You are here: HomeNews2014 01 03Article 296867

Business News of Friday, 3 January 2014

Source: Daily Guide Network

'Stop lending to poor resource rich countries'

Daniel Kaufmann, President of Revenue Watch Institute, has called on the World Bank and the International Monetary Fund (IMF) to halt their lending to poor countries that are rich in natural resources but fail to disclose how they use those revenues.

Kaufmann said that 20 percent of the world’s poor survive on less than $2 a day in countries rich in natural resources.

“With vast new reserves of oil and gas discovered in the region, its poverty level is poised to increase to 50 percent of the world’s poor by 2030, unless there are major improvements in corruption and governance,” he said, adding that the World Bank should be audacious.

Kaufman, a former World Bank Institute official, now heads a research group that promotes accountability over management of natural resource revenues to help countries realise their development benefits.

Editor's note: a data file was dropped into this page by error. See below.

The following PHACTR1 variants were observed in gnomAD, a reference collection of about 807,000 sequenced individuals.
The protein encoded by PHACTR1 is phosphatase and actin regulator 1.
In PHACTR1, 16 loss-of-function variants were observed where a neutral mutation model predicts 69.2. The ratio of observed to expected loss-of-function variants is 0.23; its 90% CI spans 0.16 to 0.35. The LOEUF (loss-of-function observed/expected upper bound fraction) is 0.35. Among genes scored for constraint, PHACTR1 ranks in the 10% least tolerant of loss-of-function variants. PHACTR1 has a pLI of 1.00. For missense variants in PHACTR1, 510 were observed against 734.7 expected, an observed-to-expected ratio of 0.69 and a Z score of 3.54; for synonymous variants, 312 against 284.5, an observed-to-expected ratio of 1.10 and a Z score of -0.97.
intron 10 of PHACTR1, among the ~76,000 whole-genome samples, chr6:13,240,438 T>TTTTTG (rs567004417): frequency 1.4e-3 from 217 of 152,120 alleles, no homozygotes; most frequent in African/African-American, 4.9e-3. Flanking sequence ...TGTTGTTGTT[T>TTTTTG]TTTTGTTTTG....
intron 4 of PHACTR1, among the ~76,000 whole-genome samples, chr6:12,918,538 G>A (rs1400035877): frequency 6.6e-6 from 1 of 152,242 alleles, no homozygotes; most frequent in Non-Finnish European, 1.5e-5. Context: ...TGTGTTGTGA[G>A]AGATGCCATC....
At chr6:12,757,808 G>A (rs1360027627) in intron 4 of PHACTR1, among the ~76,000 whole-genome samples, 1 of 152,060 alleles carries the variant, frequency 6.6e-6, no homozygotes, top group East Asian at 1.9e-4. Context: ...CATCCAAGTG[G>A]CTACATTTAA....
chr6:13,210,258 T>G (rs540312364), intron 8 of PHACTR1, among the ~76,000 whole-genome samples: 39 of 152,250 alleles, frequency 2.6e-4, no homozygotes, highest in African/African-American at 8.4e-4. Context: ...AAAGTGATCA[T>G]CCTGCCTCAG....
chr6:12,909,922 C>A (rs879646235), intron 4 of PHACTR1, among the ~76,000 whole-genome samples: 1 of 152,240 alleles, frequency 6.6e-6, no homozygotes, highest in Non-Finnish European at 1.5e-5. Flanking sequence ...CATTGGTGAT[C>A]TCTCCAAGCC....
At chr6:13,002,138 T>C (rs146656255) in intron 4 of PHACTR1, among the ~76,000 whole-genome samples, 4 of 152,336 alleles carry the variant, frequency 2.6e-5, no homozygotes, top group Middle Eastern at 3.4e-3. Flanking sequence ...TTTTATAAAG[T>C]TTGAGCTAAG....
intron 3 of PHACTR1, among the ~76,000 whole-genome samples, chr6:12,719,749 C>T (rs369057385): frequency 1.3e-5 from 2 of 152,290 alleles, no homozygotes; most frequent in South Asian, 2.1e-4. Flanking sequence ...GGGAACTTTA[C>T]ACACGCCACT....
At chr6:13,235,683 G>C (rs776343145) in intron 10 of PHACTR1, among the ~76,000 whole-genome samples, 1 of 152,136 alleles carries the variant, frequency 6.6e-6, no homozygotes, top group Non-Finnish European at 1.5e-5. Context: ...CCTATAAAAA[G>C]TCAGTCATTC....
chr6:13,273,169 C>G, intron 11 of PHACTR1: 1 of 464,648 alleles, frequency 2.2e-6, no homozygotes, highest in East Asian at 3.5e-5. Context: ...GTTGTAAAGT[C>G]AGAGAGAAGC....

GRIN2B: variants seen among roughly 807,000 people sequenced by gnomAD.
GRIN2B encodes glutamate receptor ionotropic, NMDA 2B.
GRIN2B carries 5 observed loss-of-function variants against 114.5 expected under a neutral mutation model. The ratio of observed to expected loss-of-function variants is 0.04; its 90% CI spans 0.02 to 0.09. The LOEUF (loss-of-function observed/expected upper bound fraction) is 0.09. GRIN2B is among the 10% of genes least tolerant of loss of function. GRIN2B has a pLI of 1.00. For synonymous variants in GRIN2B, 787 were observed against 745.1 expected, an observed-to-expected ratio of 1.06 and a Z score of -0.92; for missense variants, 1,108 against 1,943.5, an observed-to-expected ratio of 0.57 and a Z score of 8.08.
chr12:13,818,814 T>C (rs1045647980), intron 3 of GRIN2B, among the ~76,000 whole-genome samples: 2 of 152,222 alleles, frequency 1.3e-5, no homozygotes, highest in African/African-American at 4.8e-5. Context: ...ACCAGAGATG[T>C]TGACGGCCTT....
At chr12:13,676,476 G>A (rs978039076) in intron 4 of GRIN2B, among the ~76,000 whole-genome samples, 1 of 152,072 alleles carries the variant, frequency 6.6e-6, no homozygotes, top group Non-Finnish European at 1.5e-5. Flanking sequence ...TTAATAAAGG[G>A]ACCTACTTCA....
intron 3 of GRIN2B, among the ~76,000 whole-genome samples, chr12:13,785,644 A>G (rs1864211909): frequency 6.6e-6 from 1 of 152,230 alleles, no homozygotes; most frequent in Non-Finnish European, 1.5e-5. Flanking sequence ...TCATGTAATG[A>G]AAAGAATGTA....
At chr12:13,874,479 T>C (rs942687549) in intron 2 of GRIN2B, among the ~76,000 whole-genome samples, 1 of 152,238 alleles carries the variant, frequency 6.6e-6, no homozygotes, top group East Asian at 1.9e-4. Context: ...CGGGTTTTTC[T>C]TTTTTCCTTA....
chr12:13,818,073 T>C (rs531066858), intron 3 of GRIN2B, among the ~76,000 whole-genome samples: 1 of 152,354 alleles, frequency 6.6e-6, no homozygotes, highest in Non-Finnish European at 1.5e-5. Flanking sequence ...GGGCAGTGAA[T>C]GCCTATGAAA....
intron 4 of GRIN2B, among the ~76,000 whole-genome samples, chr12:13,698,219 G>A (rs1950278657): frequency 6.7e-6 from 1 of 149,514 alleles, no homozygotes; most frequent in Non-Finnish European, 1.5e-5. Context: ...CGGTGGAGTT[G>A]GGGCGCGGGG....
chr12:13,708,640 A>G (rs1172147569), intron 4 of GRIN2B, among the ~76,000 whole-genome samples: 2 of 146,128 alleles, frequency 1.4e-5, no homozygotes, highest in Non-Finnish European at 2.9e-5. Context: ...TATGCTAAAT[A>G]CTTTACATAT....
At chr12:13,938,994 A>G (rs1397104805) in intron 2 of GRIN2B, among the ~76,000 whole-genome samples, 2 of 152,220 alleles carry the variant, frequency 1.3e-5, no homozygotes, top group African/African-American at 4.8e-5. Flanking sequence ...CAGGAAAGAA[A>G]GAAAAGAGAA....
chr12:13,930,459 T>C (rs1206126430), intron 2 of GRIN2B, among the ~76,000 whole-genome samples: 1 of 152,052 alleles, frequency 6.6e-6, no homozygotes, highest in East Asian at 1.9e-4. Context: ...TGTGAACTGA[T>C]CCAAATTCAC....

Nigeria, for example, said last week it cannot account for $50 billion in revenue from the sale of crude oil between January 2012 and July 2013 – an amount that exceeds the total annual foreign development aid to the region.

In Angola, the IMF has estimated that $32 billion in oil revenues went missing between 2007 and 2010, equivalent to one quarter of its GDP, he said.

“At what point does one bite the bullet and say this is absolutely crucial in getting development on the ground. The World Bank, with its unique resources, along with the IMF, should have the audacity to say, “No, we are not lending when there is complete opacity on these issues,” Kaufmann said.

He made the remarks while presenting a detailed framework for addressing corruption and improving governance in resource-rich countries at a World Bank seminar recently.

“What we are talking about is $350 to $400 billion in domestic resource mobilization just from oil (revenues), and leveraging that and approaching it from the development standpoint would totally dwarf whether a dollar (in World Bank lending) went to its proper destination,” he said.

Join our Newsletter